HOW THE ACCUSED CONTRIBUTED TO THE JOINT CRIMINAL ENTERPRISE
Continuing the closing arguments at the trial of the former Herceg Bosna leaders, the prosecution focused on the contributions of the accused to the joint criminal enterprise. According to the prosecution, Prlic controlled all the levers of power in the HVO, Stojic was responsible for HVO prisons and prison camps and Praljak’s ‘only interest was in winning the war’
The crimes in Herceg Bosna were widespread and systemic, prosecutor Kenneth Scott said as he continued his closing arguments at the trial of the former Bosnian Croat leaders. According to the prosecutor, those crimes were not isolated incidents perpetrated by out-of-control people ‘after a bad night’s sleep’. The crimes were systematic and widespread and followed a coherent pattern of behavior from October 1992 to the end of 1993 in the entire territory of Herceg Bosna.
The prosecutor then went on to describe the roles that each of the accused played in the joint criminal enterprise. From the moment he assumed power in August 1992, Jadranko Prlic transformed the HVO of the Croatian Community of Herceg Bosna into a fully operational government that controlled the work of the municipal HVOs and could revoke all their decisions if they didn’t comply with the Herceg Bosna policies. It was not Mate Boban – as the accused contend – but Prlic who exerted control ‘over all the levers of power in the HVO’. Together with the head of the department of defense Bruno Stojic, Prlic ‘controlled, funded, supplied, armed and fed the HVO troops’.
Stojic’s contribution to the joint criminal enterprise lies in the fact that he was the ‘most responsible person’ for the mobilization of Bosnian Croats, an ‘axis’ around whom everything related to the procurement of arms and logistics revolved. Stojic was also ‘responsible’ for prisons and prison camps in the Herceg Bosna territory.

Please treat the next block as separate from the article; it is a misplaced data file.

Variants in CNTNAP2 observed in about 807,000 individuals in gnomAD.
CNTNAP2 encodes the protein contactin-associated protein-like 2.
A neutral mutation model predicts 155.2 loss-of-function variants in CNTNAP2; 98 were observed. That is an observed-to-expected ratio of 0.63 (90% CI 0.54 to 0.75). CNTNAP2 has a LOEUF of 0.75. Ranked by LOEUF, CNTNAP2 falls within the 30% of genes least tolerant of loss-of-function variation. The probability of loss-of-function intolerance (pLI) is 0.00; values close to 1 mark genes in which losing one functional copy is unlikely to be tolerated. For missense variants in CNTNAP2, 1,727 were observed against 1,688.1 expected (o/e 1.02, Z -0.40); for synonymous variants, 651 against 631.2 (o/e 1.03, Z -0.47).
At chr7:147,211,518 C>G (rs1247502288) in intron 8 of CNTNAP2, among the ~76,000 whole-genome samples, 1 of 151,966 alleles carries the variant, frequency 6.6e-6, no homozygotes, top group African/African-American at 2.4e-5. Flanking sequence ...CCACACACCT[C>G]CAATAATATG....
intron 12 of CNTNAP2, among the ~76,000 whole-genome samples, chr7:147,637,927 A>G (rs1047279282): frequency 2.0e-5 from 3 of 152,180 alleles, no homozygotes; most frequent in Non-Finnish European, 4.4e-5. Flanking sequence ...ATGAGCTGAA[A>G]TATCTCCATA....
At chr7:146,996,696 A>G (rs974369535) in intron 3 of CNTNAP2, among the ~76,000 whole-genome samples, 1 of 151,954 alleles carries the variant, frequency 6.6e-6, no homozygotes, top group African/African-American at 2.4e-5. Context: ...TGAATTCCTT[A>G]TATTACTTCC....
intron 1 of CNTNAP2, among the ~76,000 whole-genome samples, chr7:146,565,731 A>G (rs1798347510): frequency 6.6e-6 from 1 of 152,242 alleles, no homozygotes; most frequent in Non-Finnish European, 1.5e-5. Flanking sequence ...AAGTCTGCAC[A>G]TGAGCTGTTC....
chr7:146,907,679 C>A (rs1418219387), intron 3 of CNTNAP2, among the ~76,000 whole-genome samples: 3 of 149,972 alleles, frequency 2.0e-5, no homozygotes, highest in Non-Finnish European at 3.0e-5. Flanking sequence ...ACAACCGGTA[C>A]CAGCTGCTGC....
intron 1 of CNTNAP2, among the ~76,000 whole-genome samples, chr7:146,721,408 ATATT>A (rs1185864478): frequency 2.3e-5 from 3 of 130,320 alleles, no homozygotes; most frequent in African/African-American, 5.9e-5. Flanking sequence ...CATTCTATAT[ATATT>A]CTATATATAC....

According to the prosecutor, the accused ‘point their fingers at an empty place in the courtroom’ when they try to shift the blame on Mate Boban. Even if Boban had been an ‘important player’, this only means that he was one of the leaders of the same criminal enterprise, the prosecutor remarked, and then went on to quote from the statement of witness Davor Marijan, who said ‘from 1992 on, there are no documents confirming that Boban headed the Herceg Bosna armed forces’. The prosecution contends this shows that Boban transferred those powers on others. Recalling that the Presidency of the Croatian Community of Herceg Bosna didn’t meet between October 1992 and late August 1993, the prosecutor concluded that in that period, Prlic’s government was the ‘most powerful body of Herceg Bosna’
Speaking of General Slobodan Praljak’s role, prosecutor Douglas Stringer recalled that the objective of the joint criminal enterprise was to create an autonomous entity in BH whose borders were to coincide with those of the Banovina that existed in 1939, dominated by the Croats. As the prosecutor said, Praljak was fully aware of the fact that this vision called for the use of violence. This is illustrated by Praljak’s words at a meeting with Franko Tudjman in Zagreb on 26 September 1992: ‘without expulsions’, Croats would not be in the majority.
Praljak’s special contribution to the joint criminal enterprise is reflected in the fact that he played the role of ‘a liaison’ between the leaders in Croatia and in Herceg Bosna, the prosecutor contended. On 15 January 1993, Praljak personally brought from Zagreb the text of the ultimatum to the BH Army, demanding that they either withdraw or subordinate to the HVO in the three provinces Croats considered as their own, the prosecutor noted. In his evidence in his own defense, Praljak argued that Tudjman and Izetbegovic agreed on the contents of the ultimatum at their talks in Zagreb. However, minutes taken at the meeting showed that there was no such agreement.
The prosecutor went on to describe Praljak’s role in the conflict in Gornji Vakuf, ethnic cleansing and other crimes against civilians in the neighboring villages of Dusa, Hrasnica, Uzricje and Zdrimci in January 1993. The accused ‘turned a blind eye’ to the crimes of the HVO units because he was ‘only interested in winning the war’.
- Case : Prlic et al.
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